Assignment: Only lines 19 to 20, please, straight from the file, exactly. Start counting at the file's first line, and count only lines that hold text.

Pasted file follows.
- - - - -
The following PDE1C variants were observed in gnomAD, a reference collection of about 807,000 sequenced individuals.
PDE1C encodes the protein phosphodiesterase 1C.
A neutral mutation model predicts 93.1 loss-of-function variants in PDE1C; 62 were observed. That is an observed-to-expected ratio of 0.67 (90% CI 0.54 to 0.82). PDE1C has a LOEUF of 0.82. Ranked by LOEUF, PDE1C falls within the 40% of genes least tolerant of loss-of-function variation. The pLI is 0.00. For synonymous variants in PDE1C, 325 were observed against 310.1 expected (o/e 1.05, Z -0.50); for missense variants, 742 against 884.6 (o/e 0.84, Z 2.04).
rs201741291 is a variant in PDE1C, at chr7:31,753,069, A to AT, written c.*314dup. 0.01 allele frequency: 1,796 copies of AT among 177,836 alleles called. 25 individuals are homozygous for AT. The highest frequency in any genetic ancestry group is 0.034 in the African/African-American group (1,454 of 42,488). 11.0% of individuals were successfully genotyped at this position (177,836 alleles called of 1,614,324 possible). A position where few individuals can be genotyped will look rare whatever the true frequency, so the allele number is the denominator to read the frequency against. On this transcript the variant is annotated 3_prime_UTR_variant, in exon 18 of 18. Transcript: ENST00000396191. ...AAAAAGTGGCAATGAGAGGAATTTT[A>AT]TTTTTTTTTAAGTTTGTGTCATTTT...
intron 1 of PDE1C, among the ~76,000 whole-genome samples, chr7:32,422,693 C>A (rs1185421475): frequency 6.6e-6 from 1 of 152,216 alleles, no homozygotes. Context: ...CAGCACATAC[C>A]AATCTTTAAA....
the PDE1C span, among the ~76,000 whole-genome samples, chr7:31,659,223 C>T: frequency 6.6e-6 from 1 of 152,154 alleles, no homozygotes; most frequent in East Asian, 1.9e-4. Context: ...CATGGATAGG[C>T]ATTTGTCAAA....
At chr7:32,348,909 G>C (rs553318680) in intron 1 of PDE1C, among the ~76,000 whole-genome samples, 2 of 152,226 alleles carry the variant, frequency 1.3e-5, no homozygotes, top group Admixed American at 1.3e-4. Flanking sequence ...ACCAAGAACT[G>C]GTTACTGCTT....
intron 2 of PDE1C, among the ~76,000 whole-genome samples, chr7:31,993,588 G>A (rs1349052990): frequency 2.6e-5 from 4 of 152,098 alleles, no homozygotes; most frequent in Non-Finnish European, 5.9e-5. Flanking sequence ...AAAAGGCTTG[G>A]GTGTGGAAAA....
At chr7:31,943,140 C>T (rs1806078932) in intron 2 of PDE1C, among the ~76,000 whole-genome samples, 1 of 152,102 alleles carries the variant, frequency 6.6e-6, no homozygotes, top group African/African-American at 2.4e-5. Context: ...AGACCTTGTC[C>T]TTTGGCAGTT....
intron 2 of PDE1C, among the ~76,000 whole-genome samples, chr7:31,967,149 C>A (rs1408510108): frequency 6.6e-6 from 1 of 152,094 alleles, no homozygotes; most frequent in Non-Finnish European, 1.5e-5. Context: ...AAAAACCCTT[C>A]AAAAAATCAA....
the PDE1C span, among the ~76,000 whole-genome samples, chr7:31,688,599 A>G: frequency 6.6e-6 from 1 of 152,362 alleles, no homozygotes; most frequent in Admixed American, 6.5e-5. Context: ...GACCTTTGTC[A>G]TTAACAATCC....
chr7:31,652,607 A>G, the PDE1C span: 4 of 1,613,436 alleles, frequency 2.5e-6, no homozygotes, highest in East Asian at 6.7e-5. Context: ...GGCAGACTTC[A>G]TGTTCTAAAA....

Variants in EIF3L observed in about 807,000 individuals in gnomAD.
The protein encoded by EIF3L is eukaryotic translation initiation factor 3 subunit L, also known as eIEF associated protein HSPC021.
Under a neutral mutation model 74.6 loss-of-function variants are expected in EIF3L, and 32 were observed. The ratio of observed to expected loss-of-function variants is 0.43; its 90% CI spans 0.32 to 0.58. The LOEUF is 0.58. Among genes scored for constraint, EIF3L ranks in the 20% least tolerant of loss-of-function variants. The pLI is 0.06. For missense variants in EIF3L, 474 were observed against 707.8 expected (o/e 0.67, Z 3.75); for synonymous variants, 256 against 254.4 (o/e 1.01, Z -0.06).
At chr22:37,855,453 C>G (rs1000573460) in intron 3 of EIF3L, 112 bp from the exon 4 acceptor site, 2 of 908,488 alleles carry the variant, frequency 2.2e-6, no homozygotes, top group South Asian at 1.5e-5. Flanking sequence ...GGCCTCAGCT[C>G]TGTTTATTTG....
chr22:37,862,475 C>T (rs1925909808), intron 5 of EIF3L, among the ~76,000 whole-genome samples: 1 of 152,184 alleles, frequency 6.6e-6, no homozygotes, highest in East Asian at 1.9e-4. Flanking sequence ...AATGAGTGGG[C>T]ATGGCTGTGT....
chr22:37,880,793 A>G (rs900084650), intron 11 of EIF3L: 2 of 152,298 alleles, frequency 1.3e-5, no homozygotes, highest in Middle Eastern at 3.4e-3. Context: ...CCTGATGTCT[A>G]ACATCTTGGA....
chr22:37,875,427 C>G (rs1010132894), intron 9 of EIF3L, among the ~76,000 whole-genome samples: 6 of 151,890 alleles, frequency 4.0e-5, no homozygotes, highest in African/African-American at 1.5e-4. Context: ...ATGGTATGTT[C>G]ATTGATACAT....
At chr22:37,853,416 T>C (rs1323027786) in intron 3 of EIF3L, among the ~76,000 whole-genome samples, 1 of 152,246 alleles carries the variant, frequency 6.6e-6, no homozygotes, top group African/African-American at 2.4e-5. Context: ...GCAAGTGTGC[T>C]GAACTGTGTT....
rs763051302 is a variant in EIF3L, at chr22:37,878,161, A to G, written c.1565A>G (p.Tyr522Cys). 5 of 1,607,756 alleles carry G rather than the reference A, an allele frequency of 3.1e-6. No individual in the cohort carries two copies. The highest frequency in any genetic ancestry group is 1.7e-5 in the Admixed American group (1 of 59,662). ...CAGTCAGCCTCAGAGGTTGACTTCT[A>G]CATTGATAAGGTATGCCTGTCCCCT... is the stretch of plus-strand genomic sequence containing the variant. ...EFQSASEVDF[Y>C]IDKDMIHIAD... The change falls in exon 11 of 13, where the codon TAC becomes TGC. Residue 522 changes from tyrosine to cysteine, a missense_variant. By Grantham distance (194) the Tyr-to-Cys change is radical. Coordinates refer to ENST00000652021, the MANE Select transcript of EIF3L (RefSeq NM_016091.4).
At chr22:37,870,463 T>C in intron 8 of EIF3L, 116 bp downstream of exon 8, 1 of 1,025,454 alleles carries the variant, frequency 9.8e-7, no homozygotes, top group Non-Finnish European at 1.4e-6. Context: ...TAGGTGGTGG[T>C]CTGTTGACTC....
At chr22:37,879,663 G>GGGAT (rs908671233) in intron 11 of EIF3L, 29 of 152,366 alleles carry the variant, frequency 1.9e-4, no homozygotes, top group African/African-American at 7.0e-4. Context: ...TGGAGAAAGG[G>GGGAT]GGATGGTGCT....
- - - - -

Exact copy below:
chr22:37,875,427 C>G (rs1010132894), intron 9 of EIF3L, among the ~76,000 whole-genome samples: 6 of 151,890 alleles, frequency 4.0e-5, no homozygotes, highest in African/African-American at 1.5e-4. Context: ...ATGGTATGTT[C>G]ATTGATACAT....
At chr22:37,853,416 T>C (rs1323027786) in intron 3 of EIF3L, among the ~76,000 whole-genome samples, 1 of 152,246 alleles carries the variant, frequency 6.6e-6, no homozygotes, top group African/African-American at 2.4e-5. Context: ...GCAAGTGTGC[T>C]GAACTGTGTT....